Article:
When motivation fails

clear sky behind a row of houses

It’s only 1° outside and I’m struggling with the motivation to run to work.

Don’t get me wrong, I’m running to work, there are no two ways about it, but I don’t want to – and I’d like to understand why.

The sky is clear and blue, even at this time of the morning, but for some reason, today, the temperature seems like a good excuse not to run.

Suddenly that solitary 1° is a barrier, not an opportunity. It should be a challenge, a call to action, an invitation to go forth and conquer – but today it just seems like the world’s best reason to catch the train.

Herein lies the challenge of motivation.

Today, forces and circumstances which would normally propel me forward, feel like they’re holding me back.

Nothing externally has changed. I don’t look any different, sound any different or (probably) smell any different from the days in which the 1° would be the best reason to run – but I certainly feel different.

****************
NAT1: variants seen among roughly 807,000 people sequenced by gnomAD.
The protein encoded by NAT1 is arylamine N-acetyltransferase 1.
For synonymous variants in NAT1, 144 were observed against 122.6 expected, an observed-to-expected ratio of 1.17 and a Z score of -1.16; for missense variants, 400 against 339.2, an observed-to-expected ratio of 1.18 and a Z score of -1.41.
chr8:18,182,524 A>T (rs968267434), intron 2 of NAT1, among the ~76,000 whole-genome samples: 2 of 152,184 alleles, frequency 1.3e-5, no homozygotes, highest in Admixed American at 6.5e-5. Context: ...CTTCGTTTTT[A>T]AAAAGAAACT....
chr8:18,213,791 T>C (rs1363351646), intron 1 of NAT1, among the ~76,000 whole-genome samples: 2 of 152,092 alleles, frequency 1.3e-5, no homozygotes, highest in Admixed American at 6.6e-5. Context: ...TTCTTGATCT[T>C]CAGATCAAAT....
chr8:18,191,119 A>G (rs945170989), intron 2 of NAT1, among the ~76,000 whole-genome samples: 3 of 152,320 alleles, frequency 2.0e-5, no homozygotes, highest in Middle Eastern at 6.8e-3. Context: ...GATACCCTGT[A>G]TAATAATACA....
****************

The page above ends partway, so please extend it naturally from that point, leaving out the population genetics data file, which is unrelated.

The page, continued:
Somethings are just going to be impenetrable to us in any given moment – Why is this happening? Why is that person being difficult? Why don’t I want to run? – and while there is value in picking apart the causes, especially in the long term, the question for the moment is “what are you going to do?”

You can wish that the situation were otherwise, but it’s not. So what are you going to do?

Sometimes, how we feel about a situation will have changed, but the objective realities of the situation have not. The best course of action when we felt good about it, is still the best course of action, even now when we feel rubbish.

The challenge here is to understand when it’s in our best interests to ignore our short term feelings and pursue the long term action, and when it’s not.

One answer here might be to quickly ask “why?” until we hit on the likely cause of our change of feeling. We can then more objectively evaluate if it’s a valid reason or not.

I don’t want to run to work.


It’s too cold.

Why is that a problem?

It’s uncomfortable, and I would rather be warm right now.


Right, you’re going running.

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Many thanks to Meriel Rosenkranz for pointing me in the direction of “why?” which Charles Duhigg writes about in his new book.